Casi took a long video last weekend of me working Halo on the long reins. However, either my camera or my computer decided to eat it. The culprit has not been identified, but the fact remains that the video no longer exists. I do, however have pictures of Halo longeing last Sunday. She was extremely well-behaved, and I was very proud that she was showing Casi how much she's learned.
As I've been studying a lot about horse feet and movement lately, I did notice something I'm slightly concerned about. Looking at the pictures I have of Halo longeing, she looks like she is landing toe-first, which makes for a shorter stride and puts excess pressure on her toes. I'm not sure if this picture is quite at the right place in her stride to catch it, but it does look suspicious to me.
Landing toe-first generally means there is an imbalance with the hoof that is preventing the horse from moving properly. As I mentioned previously, the last trim she got from the barn farrier was terrible. I'm not sure if it was that, or the monkeying that I've been doing with her feet subsequently that is causing the problem. On the bright side, ever since I rasped her feet and gave her a mustang roll, there have been zero signs of chipping. I think what I am going to do is see if I can get some advice and identify whether or not there is an issue.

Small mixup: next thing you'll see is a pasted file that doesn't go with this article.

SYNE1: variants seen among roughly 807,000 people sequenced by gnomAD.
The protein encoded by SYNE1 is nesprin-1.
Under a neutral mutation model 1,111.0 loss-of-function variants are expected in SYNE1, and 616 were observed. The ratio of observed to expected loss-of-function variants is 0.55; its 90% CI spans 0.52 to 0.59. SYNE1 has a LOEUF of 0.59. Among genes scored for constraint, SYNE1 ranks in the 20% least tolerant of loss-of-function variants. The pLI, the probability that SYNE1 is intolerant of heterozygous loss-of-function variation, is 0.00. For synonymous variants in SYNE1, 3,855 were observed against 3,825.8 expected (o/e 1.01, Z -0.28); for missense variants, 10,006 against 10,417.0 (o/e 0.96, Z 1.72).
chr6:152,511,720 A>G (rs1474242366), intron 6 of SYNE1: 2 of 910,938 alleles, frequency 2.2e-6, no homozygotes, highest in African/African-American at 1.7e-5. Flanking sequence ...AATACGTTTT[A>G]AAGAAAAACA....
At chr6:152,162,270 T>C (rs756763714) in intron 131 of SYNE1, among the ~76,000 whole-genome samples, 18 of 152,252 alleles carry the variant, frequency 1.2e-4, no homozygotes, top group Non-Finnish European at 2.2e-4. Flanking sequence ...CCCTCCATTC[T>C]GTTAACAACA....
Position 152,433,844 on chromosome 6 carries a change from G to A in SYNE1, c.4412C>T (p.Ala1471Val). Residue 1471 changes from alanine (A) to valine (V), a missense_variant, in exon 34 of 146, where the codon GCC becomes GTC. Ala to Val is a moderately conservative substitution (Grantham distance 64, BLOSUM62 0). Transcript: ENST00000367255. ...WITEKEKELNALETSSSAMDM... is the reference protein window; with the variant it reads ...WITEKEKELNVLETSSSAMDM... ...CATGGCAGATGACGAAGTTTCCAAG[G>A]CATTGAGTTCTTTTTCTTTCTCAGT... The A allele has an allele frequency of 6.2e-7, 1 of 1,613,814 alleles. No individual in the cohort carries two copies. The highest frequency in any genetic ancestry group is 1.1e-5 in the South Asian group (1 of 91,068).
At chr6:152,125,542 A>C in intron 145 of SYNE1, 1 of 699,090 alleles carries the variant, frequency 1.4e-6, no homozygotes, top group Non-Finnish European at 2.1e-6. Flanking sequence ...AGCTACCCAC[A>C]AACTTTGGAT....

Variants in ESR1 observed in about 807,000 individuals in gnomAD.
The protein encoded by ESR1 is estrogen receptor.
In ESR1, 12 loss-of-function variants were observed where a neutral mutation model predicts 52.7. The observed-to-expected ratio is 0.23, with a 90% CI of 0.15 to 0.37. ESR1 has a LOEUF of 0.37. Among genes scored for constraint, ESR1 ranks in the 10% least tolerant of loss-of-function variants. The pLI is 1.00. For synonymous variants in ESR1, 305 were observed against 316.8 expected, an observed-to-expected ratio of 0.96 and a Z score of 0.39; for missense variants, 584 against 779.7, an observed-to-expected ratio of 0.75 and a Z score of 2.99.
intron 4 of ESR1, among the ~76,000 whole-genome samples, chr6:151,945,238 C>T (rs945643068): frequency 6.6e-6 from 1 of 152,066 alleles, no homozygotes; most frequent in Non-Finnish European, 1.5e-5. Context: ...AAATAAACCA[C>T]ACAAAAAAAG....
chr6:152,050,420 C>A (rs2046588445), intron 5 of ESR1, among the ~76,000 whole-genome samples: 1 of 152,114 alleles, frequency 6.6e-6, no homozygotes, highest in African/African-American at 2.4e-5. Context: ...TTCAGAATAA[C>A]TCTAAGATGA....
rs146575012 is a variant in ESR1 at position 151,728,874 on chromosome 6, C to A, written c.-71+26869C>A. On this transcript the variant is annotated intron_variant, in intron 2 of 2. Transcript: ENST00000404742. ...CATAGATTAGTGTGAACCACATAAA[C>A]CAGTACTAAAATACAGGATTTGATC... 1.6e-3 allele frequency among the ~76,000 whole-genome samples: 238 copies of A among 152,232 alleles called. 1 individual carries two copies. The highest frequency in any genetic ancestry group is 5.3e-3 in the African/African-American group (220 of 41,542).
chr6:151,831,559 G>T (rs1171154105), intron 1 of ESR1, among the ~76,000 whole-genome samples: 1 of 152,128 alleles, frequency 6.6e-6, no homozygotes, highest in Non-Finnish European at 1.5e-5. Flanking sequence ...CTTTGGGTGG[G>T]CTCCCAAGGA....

Please excuse the longe line flapping in the breeze - the wind was carrying it off as I gathered it up. What a good girl!
After longeing, I worked with Halo a little bit on leaning weight over her back from the mounting block in the indoor arena. She's usually surprisingly still during this, especially for a baby. What I like to do with her is to first ask her to stand quietly, then I adjust the position of the mounting block and climb up on it. Next I pat her over the back and rump as future desensitizing should someone get on who knees her or kicks her in the rump by accident. She's very quiet about all this. You can see how concerned she is...with her eyes closed like she's about to take a nap.
One thing she doesn't like is pulling on her mane or a lot of pressure on her neck. We will have to work on that, because while there's no good reason to go hauling on her mane, it would be nice if she didn't toss her head and get crabby about it. The lower my hand is on her neck, like in the picture above, the less she seems to mind it. So it shouldn't be a problem in the long run. I would just hate to have a child get on her one day and grab onto her mane, and her head to fly up into said kid's face.
After I've patted her thoroughly and she's still quiet, I go ahead and lean my upper body onto her back. Good girl!